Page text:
Dissatisfied with the award, the SAPS brought an application for its review. The Labour Court found that the arbitration award showed "little comprehension of the employee relations context" in relation to both the charges against the policeman and the standard of conduct to be upheld by members of the SAPS in the communities in which they serve. The Court took the view that the arbitrator ought properly to have considered whether the policeman had acted with recklessness. Instead, the arbitrator had arrived at a conclusion on his own theory of ballistic matters which was speculative and unsupported by the evidence. The Court concluded that "(t)his defect, and in addition, the arbitrator's failure to understand the nature of the dispute he had to arbitrate, renders the award reviewable." Since it was found to be inappropriate to substitute the decision of the arbitrator, the matter was remitted back to the bargaining council for hearing de novo before a different arbitrator.

On appeal to the LAC, it was confirmed that the Labour Court could not be faulted for arriving at the conclusion that the arbitrator had failed "to understand the nature of the dispute he had to arbitrate" and that this rendered the award reviewable.

This case highlights that here the role of the arbitrator is to determine the fairness of a dismissal, it may constitute a gross irregularity if the arbitrator adopts an unduly formalistic approach to the proceedings and narrows the enquiry to a focus on whether intent to commit a crime has been proved, and not whether the employee's conduct constituted a breach of the employer's disciplinary code.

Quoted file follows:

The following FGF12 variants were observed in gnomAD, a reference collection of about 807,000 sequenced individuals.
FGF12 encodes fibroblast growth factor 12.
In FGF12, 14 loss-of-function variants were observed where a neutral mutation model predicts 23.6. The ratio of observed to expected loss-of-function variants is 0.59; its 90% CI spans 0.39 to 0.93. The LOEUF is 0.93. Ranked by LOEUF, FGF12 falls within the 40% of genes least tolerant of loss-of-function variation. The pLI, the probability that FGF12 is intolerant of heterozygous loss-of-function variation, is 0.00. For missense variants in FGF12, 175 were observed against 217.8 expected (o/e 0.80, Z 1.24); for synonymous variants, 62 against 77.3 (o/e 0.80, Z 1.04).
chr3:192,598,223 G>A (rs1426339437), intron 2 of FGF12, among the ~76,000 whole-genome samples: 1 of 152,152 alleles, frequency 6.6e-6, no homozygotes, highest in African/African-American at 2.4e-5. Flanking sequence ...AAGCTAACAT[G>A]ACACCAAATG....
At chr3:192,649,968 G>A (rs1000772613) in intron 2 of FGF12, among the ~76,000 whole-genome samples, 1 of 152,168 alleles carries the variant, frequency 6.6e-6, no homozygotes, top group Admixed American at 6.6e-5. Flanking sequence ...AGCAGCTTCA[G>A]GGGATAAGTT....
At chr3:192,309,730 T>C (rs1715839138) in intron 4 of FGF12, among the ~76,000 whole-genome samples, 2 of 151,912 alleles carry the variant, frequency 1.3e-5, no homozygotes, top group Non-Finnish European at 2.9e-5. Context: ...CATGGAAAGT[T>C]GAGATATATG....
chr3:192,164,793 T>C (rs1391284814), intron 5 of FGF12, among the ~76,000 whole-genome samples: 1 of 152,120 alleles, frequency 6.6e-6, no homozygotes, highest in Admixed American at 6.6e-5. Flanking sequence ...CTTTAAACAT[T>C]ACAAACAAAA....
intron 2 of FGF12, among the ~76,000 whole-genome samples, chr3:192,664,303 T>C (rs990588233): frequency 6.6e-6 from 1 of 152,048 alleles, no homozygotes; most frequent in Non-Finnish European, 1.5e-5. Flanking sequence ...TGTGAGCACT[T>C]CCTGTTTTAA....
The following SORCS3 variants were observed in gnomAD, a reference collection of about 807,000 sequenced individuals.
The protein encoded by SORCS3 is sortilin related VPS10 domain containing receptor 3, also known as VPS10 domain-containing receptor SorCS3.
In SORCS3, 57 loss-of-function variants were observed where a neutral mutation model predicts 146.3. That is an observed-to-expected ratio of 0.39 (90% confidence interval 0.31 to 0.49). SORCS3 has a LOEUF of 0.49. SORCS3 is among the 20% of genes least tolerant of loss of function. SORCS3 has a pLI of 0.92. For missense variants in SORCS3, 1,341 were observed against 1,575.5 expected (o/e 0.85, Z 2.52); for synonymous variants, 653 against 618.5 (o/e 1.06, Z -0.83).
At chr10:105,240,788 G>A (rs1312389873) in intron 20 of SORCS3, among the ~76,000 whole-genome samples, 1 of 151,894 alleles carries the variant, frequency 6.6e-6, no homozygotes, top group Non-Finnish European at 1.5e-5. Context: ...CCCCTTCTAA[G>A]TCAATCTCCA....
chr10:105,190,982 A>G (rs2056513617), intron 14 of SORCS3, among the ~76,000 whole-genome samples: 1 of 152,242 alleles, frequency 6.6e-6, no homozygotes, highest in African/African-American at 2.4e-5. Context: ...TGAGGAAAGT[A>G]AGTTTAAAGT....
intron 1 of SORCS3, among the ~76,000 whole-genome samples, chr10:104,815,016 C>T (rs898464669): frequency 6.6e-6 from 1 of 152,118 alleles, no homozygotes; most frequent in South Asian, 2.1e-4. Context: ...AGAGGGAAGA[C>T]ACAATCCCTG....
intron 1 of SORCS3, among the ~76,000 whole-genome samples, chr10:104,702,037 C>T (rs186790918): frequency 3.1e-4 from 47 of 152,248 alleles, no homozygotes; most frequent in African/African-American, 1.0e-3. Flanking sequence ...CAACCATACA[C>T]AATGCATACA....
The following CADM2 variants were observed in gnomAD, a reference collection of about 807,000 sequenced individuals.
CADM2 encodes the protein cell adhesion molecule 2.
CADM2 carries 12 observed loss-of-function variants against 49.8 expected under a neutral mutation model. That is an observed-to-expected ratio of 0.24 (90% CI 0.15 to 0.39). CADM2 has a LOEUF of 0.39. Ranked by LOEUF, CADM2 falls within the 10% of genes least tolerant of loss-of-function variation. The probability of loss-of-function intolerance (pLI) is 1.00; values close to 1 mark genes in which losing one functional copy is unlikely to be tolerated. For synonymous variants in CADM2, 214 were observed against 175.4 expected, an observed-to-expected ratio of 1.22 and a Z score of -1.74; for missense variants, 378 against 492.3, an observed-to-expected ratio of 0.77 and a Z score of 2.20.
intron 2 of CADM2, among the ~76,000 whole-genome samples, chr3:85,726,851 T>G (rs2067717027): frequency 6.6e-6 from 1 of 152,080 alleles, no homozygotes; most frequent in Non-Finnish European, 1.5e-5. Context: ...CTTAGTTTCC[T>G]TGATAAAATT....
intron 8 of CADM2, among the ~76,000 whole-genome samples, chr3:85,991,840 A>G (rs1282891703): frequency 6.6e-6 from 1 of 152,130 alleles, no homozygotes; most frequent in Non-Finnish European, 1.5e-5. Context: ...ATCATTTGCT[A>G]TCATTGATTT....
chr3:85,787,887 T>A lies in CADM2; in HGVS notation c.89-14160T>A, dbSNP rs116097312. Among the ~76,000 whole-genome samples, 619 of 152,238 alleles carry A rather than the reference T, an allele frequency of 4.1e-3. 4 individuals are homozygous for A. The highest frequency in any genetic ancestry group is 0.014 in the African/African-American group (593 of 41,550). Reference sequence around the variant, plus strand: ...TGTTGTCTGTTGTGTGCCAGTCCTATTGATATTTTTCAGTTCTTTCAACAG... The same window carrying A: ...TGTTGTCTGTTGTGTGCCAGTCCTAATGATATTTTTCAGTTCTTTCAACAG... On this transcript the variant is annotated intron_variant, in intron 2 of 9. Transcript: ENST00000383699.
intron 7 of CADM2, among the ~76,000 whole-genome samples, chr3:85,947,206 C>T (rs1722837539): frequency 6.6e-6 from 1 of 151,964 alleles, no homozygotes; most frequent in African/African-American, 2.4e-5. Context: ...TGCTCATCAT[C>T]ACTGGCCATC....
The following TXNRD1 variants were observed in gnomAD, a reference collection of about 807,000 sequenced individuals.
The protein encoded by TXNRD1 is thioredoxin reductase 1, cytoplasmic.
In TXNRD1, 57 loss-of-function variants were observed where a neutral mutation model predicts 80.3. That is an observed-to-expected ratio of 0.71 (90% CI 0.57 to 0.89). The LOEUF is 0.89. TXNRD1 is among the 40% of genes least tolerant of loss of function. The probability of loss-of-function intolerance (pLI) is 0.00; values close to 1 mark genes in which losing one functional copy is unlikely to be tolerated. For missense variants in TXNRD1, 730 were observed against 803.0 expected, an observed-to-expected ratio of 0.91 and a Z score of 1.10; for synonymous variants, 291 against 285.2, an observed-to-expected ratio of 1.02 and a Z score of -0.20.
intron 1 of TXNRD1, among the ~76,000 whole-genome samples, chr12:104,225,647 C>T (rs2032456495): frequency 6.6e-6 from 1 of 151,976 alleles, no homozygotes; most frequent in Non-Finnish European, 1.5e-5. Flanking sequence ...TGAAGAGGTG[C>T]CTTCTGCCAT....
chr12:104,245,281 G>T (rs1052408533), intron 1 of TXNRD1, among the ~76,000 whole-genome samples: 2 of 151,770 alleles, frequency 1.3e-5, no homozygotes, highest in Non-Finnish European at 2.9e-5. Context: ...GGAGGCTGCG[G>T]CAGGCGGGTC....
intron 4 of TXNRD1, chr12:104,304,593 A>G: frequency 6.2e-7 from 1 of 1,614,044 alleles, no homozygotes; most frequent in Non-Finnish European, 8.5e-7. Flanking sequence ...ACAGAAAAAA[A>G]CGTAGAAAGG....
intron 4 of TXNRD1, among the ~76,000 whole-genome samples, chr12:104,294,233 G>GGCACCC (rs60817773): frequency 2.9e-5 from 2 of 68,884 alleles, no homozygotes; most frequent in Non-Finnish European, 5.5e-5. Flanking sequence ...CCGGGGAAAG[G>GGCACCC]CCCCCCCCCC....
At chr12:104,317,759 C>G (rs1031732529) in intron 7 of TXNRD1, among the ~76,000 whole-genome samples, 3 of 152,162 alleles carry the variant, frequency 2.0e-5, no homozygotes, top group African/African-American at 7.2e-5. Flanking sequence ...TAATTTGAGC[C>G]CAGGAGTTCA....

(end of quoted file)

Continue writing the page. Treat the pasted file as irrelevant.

Extract from the judgment:

Savage AJA:

[1]   The Labour Court cannot be faulted for its finding that the arbitration award evinced "little comprehension of the employee relations context". The arbitrator was faced with serious allegations of misconduct raised against the appellant. While these allegations had been framed in the language of a criminal charge, the task of the arbitrator in a hearing de novo was to determine the fairness of the appellant's dismissal, having regard to the allegations against him and the standard of conduct required of the appellant in the position of police officer. This enquiry was to be undertaken without adherence to undue formalism.